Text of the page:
jQuery Selector Overview
Web developers often need to locate and edit some content on the web page while creating web applications. jQuery makes it easy for developers with selectors.
There are different types of selectors in jQuery. Let's dive deep into jQuery selectors and see some of the most important types of selectors in jQuery.
Introduction to jQuery Selectors
The jQuery selectors allow us to find and interact with HTML elements. We can use any valid CSS selectors with a jQuery selector.
jQuery Selector Syntax
The syntax of the jQuery selector is a $ symbol followed by the selector in brackets (). This is known as the factory function.
Here's an example:
This is called a universal selector, and it selects all elements in the HTML document.
The $() Factory Function
We use the factory function to create a new instance of jQuery.
Now let's look at some commonly used jQuery selectors along with the factory function.
|It selects all elements in the document.
|It selects elements based on the tag name.
|It selects elements with a specific ID in the document.
|It selects elements with a specific class in the document.
|Attribute Equals Selector
|It selects all elements that have the specified attribute with a given value in the document.
Let's look at each of these types of selectors.
Universal selector - Select all elements in a document. It should be used with care because it can be extremely slow in some cases.
Tag selector - Selects all elements based on the tag name.
Id Selector - This selector is used to fetch an element with a given id. It checks the id attribute of an HTML element. We use a # to represent the id selector.
Class Selector - The class selector is used to select all HTML elements with a given class. For example, if you want to select all buttons with the class name btn-primary, use $('.btn-primary'). We use a period (.) to represent the class selector.
Attribute Equals Selector - This selector is used to select all elements that have the specified attribute with a given value. An example is, $('[type=text]'). This will select all input tags with their type attribute set to text.
A Simple Example to See the Use of Tag Selector
Let us understand the working of selectors with the help of an example. In this example, we will select all <button> tags and bind a click event handler to display an alert message.
Here is another example that uses the JQuery tag selector:
In this example, we used the jQuery tag selector to select all button elements and add a click event handler that changes the text of the button when clicked.
Here, you might have noticed the usage of the this keyword. It represents the DOM element when we are in a callback function.
How to Use Selectors?
Now, let us learn how to use different jQuery selectors.
|Tag selector selects all elements that match with the given tag/element name
|Id selector selects a single element that matches with the given id name.
|Class selector selects all elements that match the given class name.
|Attribute Equals Selector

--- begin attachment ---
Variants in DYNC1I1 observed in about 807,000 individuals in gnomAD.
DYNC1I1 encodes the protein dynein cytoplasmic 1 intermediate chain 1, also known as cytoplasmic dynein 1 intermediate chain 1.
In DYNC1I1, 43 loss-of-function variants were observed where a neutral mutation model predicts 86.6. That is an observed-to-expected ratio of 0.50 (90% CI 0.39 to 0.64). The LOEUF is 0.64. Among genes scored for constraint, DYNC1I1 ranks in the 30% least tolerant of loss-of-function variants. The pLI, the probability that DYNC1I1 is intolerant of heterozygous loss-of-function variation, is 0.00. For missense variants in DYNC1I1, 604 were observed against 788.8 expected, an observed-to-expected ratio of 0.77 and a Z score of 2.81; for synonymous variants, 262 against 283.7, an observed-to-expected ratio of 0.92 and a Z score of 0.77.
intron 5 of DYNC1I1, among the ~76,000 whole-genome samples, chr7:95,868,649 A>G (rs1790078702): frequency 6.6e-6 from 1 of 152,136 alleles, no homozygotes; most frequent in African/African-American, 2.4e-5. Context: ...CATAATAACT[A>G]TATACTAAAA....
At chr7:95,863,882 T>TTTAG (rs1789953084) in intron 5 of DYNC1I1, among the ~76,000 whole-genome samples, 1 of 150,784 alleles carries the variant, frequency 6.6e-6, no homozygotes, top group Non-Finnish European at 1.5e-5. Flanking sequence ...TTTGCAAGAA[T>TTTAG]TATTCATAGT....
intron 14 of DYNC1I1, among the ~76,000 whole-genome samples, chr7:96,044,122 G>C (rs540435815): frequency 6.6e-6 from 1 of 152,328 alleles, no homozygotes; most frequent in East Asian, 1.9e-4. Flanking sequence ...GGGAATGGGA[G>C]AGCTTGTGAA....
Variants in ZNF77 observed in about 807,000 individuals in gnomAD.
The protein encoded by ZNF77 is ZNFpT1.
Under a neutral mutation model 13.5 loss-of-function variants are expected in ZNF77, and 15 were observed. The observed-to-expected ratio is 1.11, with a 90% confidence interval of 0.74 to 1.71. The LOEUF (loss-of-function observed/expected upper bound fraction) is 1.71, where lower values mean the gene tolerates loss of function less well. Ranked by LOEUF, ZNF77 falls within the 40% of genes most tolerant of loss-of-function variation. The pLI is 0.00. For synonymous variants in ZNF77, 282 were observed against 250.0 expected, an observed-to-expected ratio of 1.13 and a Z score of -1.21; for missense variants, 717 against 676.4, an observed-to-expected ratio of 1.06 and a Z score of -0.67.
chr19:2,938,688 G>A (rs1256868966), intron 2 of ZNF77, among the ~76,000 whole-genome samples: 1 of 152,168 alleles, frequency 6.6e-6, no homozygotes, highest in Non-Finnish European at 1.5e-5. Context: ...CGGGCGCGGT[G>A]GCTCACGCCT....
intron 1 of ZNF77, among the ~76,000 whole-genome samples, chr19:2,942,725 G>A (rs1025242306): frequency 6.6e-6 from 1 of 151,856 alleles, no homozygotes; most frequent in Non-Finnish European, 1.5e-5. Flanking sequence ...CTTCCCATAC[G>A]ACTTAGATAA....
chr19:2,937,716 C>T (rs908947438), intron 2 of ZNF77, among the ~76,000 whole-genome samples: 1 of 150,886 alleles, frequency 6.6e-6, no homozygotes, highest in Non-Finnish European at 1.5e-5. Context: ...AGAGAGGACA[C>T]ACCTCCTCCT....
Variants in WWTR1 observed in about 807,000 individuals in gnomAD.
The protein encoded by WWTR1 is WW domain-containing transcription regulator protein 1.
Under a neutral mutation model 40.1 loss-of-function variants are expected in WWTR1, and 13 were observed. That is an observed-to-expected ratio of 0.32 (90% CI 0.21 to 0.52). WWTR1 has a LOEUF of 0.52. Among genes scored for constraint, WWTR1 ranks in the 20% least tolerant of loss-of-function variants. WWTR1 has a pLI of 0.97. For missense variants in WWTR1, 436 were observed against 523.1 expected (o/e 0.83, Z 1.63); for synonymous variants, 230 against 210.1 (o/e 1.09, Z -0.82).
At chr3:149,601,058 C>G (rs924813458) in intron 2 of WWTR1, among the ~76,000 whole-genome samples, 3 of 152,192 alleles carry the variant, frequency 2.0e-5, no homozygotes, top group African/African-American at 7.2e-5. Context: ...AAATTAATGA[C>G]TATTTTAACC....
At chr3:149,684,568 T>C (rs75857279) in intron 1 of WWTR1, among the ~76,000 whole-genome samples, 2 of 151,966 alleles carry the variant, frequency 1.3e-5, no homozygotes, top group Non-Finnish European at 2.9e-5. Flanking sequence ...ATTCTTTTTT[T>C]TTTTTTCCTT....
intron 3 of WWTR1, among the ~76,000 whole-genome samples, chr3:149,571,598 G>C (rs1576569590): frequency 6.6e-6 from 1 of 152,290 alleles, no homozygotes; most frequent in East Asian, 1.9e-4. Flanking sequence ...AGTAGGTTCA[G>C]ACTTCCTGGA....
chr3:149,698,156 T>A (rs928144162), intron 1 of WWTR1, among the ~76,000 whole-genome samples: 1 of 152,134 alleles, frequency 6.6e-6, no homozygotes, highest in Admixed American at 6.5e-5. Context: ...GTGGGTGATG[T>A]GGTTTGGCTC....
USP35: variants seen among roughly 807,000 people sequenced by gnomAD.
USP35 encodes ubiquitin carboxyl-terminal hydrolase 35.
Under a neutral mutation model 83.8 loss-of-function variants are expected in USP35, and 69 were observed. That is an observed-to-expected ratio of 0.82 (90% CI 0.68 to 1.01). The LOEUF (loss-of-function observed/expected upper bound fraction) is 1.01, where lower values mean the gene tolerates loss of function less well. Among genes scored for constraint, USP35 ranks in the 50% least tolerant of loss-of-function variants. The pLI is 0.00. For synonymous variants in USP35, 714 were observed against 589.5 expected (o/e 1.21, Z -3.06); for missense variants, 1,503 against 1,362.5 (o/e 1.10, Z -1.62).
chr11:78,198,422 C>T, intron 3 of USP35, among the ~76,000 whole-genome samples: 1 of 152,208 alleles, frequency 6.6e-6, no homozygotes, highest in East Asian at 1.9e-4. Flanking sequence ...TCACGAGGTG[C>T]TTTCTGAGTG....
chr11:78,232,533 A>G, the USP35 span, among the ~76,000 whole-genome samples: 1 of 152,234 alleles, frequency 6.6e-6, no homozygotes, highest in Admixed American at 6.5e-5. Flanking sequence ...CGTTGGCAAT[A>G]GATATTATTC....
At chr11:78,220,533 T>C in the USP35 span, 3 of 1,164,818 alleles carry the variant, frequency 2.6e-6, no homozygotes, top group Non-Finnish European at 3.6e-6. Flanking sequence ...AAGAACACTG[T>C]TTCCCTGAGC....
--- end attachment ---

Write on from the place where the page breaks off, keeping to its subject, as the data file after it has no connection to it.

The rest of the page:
|Attribute Equals selector selects all elements having the specified attribute with a given value.
|Universal selector selects all elements available in the document object model(DOM).
1. Tag Selector
As the name indicates, this selector is used to select all elements based on the tag name. Let's see an example. If you want to select all <h2> tags in an HTML document, here is how we do it:
This code will select all <h2> tags on a web page and set the CSS text-alignment property to center.
2. Id Selector
The Id Selector is used to select an HTML element by its id. The id should be prepended with a # symbol.
3. Class Selector
This selector is used to select all elements on a web page that has the specified CSS class applied. The class name should be prepended with a period.
Here's an example.
Using Multiple Classes
In a real-world application, elements can have multiple classes. If we have to select the elements based on multiple classes instead of just one, use the selector as follows.
Notice that we've used two classes shape and round ('.shape.round'). This means that all elements that have these two CSS classes applied to them should be selected.
To select all elements with any of the specified classes, separate the class names with a comma.
4. Attribute Equals Selector
Attribute Equals Selector can be used to fetch elements from a web page based on an attribute and its value. Normally, we use this selector to select form elements such as input fields, etc.
Let's see an example:
In this example, we first select all input tags from the form with the type attribute set to password from the document. Then we changed the disabled attribute of the selected elements to true so that the fields are disabled.
This selection also allows you to use attributes directly without specifying the tag name. Here's an example.
In this example, the selector is [data-id=1]. This will select all elements with the data-id attribute set to 1.
Instead, if we use button[data-id=1] as the parameter, it will select only the button elements with the same attribute.
5. Universal Selector
The universal selector is used to select all elements on a web page.
Using the universal selector may cause performance issues in some cases.
Let's see an example of using a universal selector:
This code selects all elements on the web page and changes the color to red. If there are several hundreds of elements on the web page, it is not recommended to use this selector.
- In this post, we learned about different selectors in jQuery.
- Selectors are used to finding and interacting with HTML elements on a web page.
- The most commonly used selectors are Tag selector, Id selector, Class selector, Attribute Equals selector, and Universal selector.
- Any valid CSS selectors can be used with the jQuery selector.